In 2004, Bacon was appointed by House Speaker Dennis Hastert (R-Ill.) to the Veterans' Disability Benefits Commission, an independent, 13-member panel charged with studying the military's system of compensating veterans for injuries to ensure that it was equitable and fair. The commission issued its final report, which made more than 100 recommendations, in 2007. He also served on the President’s National Hire Veterans Committee and the Veterans Disability Benefits Commission. Bacon ventured into private business later in life, serving as president and chief executive of DVC Construction, Inc. Bacon, along with Steven Spielberg, was included in the production credits for the video game Medal of Honor: Allied Assault.
Bacon died on the morning of July 17, 2010, after a long battle with cancer. He was the last living Medal of Honor recipient from the state of Arkansas. His widow Tamera remembered him above all as a man of faith. "In life Nick was faced with a lot of battles," she said, "whether fighting in Vietnam, fighting for our veterans, fighting for this small town or fighting cancer. Through all these battles Nick’s strength was his relationship with our Lord, Jesus Christ." His brother John remembered his humility and friendliness. "He was very humble and he accepted the roles," John Bacon said. "I was impressed so many times going to banquets with dignitaries and politicians. It didn't affect him in the least. He was as comfortable with a person on the street as he was with George W. Bush." Likewise, his nephew, Surprise police Lieutenant John Bacon, stated that Bacon "was very humble and unassuming. He was a leader in a very quiet way but he wasn't afraid to speak out when he needed to." Arkansas Governor Mike Beebe referred to Bacon as an "American hero" and stated "He never wanted anything for himself, but always wanted to protect other people in uniform. Arkansas will miss him." Bacon's burial took place with full military honors at the Arkansas State Veterans Cemetery in North Little Rock on July 24.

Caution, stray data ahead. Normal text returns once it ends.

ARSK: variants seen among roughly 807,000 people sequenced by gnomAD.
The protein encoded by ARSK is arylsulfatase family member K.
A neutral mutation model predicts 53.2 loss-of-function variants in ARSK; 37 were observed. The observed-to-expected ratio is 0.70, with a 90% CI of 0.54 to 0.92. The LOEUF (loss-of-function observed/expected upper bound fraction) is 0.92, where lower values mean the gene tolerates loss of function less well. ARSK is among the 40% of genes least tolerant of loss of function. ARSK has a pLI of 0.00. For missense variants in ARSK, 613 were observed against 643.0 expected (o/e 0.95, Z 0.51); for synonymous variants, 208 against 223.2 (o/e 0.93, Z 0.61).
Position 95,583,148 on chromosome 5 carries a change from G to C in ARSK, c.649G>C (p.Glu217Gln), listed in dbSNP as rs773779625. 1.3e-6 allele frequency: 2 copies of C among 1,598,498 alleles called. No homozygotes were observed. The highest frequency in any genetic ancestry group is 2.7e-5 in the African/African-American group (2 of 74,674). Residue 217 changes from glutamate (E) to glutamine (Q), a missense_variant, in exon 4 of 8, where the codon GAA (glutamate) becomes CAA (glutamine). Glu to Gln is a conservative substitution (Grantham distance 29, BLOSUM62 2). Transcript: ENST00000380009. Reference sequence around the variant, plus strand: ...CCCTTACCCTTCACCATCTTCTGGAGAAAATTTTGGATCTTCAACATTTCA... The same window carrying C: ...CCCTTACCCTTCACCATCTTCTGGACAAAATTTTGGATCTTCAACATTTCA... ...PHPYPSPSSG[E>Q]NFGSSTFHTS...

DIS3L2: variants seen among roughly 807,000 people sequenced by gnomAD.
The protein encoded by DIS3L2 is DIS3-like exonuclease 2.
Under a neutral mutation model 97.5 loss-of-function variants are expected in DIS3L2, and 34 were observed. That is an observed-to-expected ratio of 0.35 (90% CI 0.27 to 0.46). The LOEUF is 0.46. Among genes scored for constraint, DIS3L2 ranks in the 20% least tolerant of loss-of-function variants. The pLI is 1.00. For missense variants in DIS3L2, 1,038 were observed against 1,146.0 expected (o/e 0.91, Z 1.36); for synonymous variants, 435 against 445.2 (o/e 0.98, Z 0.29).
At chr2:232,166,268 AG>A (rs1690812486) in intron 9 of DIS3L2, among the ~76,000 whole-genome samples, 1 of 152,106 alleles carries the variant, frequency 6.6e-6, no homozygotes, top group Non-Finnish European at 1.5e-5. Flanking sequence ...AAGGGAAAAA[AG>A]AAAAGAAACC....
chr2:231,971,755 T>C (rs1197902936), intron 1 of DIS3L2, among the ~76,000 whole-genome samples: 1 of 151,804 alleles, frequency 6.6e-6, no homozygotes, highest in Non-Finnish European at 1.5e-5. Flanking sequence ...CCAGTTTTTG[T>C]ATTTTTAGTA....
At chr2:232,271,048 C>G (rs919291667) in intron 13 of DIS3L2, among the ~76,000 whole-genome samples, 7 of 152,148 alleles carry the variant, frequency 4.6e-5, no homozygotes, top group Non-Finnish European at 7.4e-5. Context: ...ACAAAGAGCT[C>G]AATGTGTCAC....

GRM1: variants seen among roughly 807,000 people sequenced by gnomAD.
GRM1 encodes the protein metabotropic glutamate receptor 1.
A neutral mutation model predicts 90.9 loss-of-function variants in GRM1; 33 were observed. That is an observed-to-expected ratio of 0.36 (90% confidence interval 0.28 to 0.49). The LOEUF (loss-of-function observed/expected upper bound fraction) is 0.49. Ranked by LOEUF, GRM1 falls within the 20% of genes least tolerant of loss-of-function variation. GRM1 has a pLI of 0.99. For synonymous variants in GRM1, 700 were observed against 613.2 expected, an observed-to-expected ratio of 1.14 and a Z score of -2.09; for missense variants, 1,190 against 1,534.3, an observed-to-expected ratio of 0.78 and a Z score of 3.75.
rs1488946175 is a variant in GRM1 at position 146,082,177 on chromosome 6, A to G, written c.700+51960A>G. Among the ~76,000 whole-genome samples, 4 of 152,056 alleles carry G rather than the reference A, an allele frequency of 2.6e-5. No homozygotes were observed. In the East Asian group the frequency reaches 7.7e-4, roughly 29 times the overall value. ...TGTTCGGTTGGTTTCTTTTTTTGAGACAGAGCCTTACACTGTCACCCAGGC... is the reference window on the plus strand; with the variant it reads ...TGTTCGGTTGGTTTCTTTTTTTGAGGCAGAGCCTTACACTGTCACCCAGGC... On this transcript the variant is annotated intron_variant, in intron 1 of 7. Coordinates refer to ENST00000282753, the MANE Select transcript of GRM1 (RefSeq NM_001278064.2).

The Veterans of Foreign Wars has since honored him with the establishment of the Nick Bacon Memorial Scholarship for children and grandchildren of disabled veterans and has named VFW Post 285 in Surprise, Arizona in his honor. Likewise, "a Memorial Room at an American Legion Post in Little Rock now honors Nick Bacon."  In 2012, the United States House of Representatives passed H.R. 3870X, which was introduced by Congressman Timothy Griffin (R-AR) and acted to "designate the facility of the United States Postal Service located at 6083 Highway 36 West in Rose Bud, Arkansas, as the Nicky "Nick" Daniel Bacon Post Office.'"  Heber Springs, Arkansas installed a new flagpole and a memorial marker honoring Bacon in the town ball park in 2012. The City of Surprise, Arizona unveiled a memorial to Bacon in the plaza outside the city hall on November 11, 2014 in a ceremony including nearly fifty members of his family, US Congressman Trent Franks, Arizona Secretary of State of Arizona Ken Bennett, and Arizona House of Representatives members Debbie Lesko and Rick Gray.